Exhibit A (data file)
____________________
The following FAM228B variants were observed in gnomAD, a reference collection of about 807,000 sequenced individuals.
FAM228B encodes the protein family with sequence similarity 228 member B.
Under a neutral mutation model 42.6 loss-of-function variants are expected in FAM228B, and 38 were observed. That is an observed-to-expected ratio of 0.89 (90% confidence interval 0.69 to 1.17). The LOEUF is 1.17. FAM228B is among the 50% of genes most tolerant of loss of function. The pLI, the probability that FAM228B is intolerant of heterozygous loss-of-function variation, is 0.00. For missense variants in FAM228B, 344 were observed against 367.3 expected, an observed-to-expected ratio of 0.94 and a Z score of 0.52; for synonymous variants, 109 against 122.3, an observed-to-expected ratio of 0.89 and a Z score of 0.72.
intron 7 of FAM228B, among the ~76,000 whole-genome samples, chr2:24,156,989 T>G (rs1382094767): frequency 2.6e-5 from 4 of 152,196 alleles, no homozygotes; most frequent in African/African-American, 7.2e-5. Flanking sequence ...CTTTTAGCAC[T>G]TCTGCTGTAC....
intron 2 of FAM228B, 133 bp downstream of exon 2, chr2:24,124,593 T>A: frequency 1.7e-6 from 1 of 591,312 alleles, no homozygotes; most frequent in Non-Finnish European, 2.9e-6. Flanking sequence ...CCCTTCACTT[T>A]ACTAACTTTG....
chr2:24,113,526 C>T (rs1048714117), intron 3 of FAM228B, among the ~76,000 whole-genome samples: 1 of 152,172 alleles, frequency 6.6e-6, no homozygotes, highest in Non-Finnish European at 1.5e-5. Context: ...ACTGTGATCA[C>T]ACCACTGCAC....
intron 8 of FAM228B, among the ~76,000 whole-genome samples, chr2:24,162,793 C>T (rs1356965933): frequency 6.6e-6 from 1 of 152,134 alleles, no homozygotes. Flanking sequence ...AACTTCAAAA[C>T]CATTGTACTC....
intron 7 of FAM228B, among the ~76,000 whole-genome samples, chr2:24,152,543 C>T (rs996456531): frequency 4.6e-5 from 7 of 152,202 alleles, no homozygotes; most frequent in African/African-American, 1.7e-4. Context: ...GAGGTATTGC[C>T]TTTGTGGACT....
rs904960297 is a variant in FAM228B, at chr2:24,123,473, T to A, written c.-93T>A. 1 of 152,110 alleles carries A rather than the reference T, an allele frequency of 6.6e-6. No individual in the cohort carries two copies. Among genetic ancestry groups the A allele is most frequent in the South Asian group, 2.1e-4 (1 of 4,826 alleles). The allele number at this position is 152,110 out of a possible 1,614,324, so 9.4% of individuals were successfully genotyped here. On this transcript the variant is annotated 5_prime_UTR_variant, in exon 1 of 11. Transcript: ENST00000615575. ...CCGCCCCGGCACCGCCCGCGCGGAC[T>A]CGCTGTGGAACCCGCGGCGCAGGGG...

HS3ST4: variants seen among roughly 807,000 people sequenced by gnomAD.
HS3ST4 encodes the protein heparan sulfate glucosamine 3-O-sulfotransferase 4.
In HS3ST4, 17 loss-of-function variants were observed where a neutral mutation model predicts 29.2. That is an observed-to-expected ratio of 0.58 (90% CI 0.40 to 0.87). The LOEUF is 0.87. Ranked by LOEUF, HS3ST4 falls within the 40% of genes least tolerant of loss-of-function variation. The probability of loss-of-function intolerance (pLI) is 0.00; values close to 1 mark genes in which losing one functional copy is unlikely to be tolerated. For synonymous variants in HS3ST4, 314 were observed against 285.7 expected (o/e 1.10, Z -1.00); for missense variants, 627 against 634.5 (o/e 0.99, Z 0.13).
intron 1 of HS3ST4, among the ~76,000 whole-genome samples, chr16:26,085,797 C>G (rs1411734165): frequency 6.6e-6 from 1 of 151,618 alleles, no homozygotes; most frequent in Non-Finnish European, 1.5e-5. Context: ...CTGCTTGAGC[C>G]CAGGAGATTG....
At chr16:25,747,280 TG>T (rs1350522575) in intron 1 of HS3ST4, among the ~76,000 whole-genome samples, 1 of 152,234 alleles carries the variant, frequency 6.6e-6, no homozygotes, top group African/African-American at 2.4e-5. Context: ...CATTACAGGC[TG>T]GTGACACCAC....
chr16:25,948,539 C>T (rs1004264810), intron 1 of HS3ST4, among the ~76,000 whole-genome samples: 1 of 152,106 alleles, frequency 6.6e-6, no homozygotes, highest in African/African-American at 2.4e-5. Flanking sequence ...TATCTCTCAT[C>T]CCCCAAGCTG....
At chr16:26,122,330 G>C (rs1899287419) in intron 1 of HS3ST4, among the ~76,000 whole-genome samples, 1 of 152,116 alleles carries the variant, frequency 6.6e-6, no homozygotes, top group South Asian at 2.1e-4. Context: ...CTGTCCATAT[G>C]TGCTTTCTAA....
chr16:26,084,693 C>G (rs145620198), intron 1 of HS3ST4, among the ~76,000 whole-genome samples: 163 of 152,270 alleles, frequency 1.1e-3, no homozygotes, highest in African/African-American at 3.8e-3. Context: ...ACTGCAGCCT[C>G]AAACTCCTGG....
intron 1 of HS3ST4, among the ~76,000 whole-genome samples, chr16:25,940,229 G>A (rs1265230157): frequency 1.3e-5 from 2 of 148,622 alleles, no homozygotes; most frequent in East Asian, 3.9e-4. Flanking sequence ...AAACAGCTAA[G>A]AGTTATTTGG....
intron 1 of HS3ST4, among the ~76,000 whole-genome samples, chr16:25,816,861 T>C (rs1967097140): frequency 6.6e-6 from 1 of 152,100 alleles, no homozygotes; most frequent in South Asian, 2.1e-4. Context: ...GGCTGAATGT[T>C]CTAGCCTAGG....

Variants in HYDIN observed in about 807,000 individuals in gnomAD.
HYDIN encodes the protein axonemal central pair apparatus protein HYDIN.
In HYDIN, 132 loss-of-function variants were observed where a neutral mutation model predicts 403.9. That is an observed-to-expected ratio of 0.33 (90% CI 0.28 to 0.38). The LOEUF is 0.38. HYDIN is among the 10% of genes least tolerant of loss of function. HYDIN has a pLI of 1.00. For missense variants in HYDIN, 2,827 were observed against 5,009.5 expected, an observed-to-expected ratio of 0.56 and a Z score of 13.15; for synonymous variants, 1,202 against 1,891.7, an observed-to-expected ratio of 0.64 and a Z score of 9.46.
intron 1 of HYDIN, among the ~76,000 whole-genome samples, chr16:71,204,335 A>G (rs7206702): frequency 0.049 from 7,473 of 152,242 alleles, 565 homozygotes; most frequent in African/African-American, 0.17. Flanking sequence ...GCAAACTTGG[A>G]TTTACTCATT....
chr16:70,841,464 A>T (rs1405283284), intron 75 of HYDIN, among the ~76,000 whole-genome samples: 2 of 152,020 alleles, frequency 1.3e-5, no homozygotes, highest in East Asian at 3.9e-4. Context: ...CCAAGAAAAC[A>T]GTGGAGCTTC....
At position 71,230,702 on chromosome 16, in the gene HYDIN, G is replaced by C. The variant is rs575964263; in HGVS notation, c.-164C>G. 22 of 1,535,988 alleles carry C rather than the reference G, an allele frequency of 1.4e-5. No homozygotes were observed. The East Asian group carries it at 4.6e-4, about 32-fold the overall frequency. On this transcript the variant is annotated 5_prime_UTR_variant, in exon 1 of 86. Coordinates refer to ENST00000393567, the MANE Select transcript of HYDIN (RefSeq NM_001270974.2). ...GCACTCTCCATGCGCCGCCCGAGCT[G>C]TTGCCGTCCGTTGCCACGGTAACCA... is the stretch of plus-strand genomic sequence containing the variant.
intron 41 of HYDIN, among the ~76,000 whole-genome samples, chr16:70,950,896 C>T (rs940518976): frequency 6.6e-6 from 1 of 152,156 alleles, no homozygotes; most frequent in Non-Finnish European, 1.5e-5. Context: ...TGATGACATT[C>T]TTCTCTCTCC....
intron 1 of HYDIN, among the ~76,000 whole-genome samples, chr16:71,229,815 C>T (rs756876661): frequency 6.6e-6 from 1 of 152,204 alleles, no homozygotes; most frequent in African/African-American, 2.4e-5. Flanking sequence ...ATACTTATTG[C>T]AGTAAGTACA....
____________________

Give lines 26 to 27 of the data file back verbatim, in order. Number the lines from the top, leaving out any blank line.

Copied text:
intron 41 of HYDIN, among the ~76,000 whole-genome samples, chr16:70,950,896 C>T (rs940518976): frequency 6.6e-6 from 1 of 152,156 alleles, no homozygotes; most frequent in Non-Finnish European, 1.5e-5. Context: ...TGATGACATT[C>T]TTCTCTCTCC....
intron 1 of HYDIN, among the ~76,000 whole-genome samples, chr16:71,229,815 C>T (rs756876661): frequency 6.6e-6 from 1 of 152,204 alleles, no homozygotes; most frequent in African/African-American, 2.4e-5. Flanking sequence ...ATACTTATTG[C>T]AGTAAGTACA....